Your SlideShare is downloading. ×
BEST-konferansen 2014 - Greg clark, the business of cities ltd.
BEST-konferansen 2014 - Greg clark, the business of cities ltd.
BEST-konferansen 2014 - Greg clark, the business of cities ltd.
BEST-konferansen 2014 - Greg clark, the business of cities ltd.
BEST-konferansen 2014 - Greg clark, the business of cities ltd.
BEST-konferansen 2014 - Greg clark, the business of cities ltd.
BEST-konferansen 2014 - Greg clark, the business of cities ltd.
BEST-konferansen 2014 - Greg clark, the business of cities ltd.
BEST-konferansen 2014 - Greg clark, the business of cities ltd.
BEST-konferansen 2014 - Greg clark, the business of cities ltd.
BEST-konferansen 2014 - Greg clark, the business of cities ltd.
BEST-konferansen 2014 - Greg clark, the business of cities ltd.
BEST-konferansen 2014 - Greg clark, the business of cities ltd.
BEST-konferansen 2014 - Greg clark, the business of cities ltd.
BEST-konferansen 2014 - Greg clark, the business of cities ltd.
BEST-konferansen 2014 - Greg clark, the business of cities ltd.
BEST-konferansen 2014 - Greg clark, the business of cities ltd.
BEST-konferansen 2014 - Greg clark, the business of cities ltd.
BEST-konferansen 2014 - Greg clark, the business of cities ltd.
BEST-konferansen 2014 - Greg clark, the business of cities ltd.
BEST-konferansen 2014 - Greg clark, the business of cities ltd.
BEST-konferansen 2014 - Greg clark, the business of cities ltd.
BEST-konferansen 2014 - Greg clark, the business of cities ltd.
BEST-konferansen 2014 - Greg clark, the business of cities ltd.
BEST-konferansen 2014 - Greg clark, the business of cities ltd.
BEST-konferansen 2014 - Greg clark, the business of cities ltd.
BEST-konferansen 2014 - Greg clark, the business of cities ltd.
BEST-konferansen 2014 - Greg clark, the business of cities ltd.
BEST-konferansen 2014 - Greg clark, the business of cities ltd.
BEST-konferansen 2014 - Greg clark, the business of cities ltd.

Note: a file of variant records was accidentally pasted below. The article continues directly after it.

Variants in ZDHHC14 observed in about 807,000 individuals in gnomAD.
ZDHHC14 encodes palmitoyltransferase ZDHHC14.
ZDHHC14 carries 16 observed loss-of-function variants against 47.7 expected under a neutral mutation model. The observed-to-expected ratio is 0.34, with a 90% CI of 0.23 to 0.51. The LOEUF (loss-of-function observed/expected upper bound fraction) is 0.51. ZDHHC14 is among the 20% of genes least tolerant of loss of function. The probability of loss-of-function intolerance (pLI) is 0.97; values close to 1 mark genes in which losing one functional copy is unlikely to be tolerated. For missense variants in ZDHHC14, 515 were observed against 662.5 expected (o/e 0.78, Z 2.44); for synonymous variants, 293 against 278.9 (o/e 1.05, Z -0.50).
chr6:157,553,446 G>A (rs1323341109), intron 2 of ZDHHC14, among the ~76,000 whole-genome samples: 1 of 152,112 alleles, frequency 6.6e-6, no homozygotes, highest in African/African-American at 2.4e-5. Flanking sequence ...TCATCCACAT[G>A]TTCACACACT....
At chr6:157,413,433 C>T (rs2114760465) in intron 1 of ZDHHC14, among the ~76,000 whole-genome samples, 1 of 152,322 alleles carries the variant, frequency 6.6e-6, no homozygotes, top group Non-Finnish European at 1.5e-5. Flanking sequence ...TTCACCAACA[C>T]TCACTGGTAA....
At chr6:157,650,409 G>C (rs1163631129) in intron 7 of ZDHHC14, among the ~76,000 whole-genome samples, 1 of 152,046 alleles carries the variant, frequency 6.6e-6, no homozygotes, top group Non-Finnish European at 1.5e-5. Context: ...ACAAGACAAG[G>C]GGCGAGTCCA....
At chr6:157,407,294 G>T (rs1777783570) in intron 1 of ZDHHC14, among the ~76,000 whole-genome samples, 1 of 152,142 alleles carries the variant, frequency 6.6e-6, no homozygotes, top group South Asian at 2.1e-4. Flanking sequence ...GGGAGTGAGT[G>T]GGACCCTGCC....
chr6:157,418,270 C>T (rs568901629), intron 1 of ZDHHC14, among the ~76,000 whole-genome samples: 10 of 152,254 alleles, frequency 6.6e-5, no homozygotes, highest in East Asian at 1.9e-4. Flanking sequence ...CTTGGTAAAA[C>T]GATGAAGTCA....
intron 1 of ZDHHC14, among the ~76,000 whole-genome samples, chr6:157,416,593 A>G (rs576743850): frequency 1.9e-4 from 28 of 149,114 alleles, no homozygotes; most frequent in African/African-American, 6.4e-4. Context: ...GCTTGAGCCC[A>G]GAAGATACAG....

BEST-konferansen 2014 - Greg clark, the business of cities ltd.
BEST-konferansen 2014 - Greg clark, the business of cities ltd.
BEST-konferansen 2014 - Greg clark, the business of cities ltd.
BEST-konferansen 2014 - Greg clark, the business of cities ltd.
BEST-konferansen 2014 - Greg clark, the business of cities ltd.
BEST-konferansen 2014 - Greg clark, the business of cities ltd.
BEST-konferansen 2014 - Greg clark, the business of cities ltd.
BEST-konferansen 2014 - Greg clark, the business of cities ltd.
BEST-konferansen 2014 - Greg clark, the business of cities ltd.
BEST-konferansen 2014 - Greg clark, the business of cities ltd.
BEST-konferansen 2014 - Greg clark, the business of cities ltd.
BEST-konferansen 2014 - Greg clark, the business of cities ltd.
BEST-konferansen 2014 - Greg clark, the business of cities ltd.
BEST-konferansen 2014 - Greg clark, the business of cities ltd.
BEST-konferansen 2014 - Greg clark, the business of cities ltd.
BEST-konferansen 2014 - Greg clark, the business of cities ltd.
BEST-konferansen 2014 - Greg clark, the business of cities ltd.
BEST-konferansen 2014 - Greg clark, the business of cities ltd.
BEST-konferansen 2014 - Greg clark, the business of cities ltd.
BEST-konferansen 2014 - Greg clark, the business of cities ltd.
BEST-konferansen 2014 - Greg clark, the business of cities ltd.
BEST-konferansen 2014 - Greg clark, the business of cities ltd.
BEST-konferansen 2014 - Greg clark, the business of cities ltd.
Upcoming SlideShare
Loading in...5
×

Thanks for flagging this SlideShare!

Oops! An error has occurred.

×
Saving this for later? Get the SlideShare app to save on your phone or tablet. Read anywhere, anytime – even offline.
Text the download link to your phone
Standard text messaging rates apply

BEST-konferansen 2014 - Greg clark, the business of cities ltd.

509

Published on

Published in: Business
0 Comments
1 Like
Statistics
Notes
  • Be the first to comment

No Downloads
Views
Total Views
509
On Slideshare
0
From Embeds
0
Number of Embeds
2
Actions
Shares
0
Downloads
12
Comments
0
Likes
1
Embeds 0
No embeds

Report content
Flagged as inappropriate Flag as inappropriate
Flag as inappropriate

Select your reason for flagging this presentation as inappropriate.

Cancel
No notes for slide

Transcript

  • 1. Oslo     Metropolitan  Region   Greg  Clark    February  2014  
  • 2. Overview   Oslo  today  and  tomorrow     Why  metropolis?     How  metropolis?   © The Business of Cities Ltd 2014
  • 3. 2010  metropolitan  populaCon: © The Business of Cities Ltd 2014
  • 4. 2050  metropolitan  populaCon: © The Business of Cities Ltd 2014
  • 5. Where  is  the  money  going?   Top  30  ciCes  for  direct  commercial  real  estate  investment  2010   –  2011   Oslo Stockholm Calgary San Francisco San Jose Los Angeles San Diego Toronto Boston Chicago NEW YORK Washington DC Houston LONDON PARIS Hamburg Berlin Frankfurt Munich Moscow Seoul Beijing TOKYO Shanghai Hong Kong Taipei Singapore Rio de Janeiro >$25bill $10-25bill Sydney Melbourne $4-10bill Source: Jones Lang LaSalle © The Business of Cities Ltd 2014 6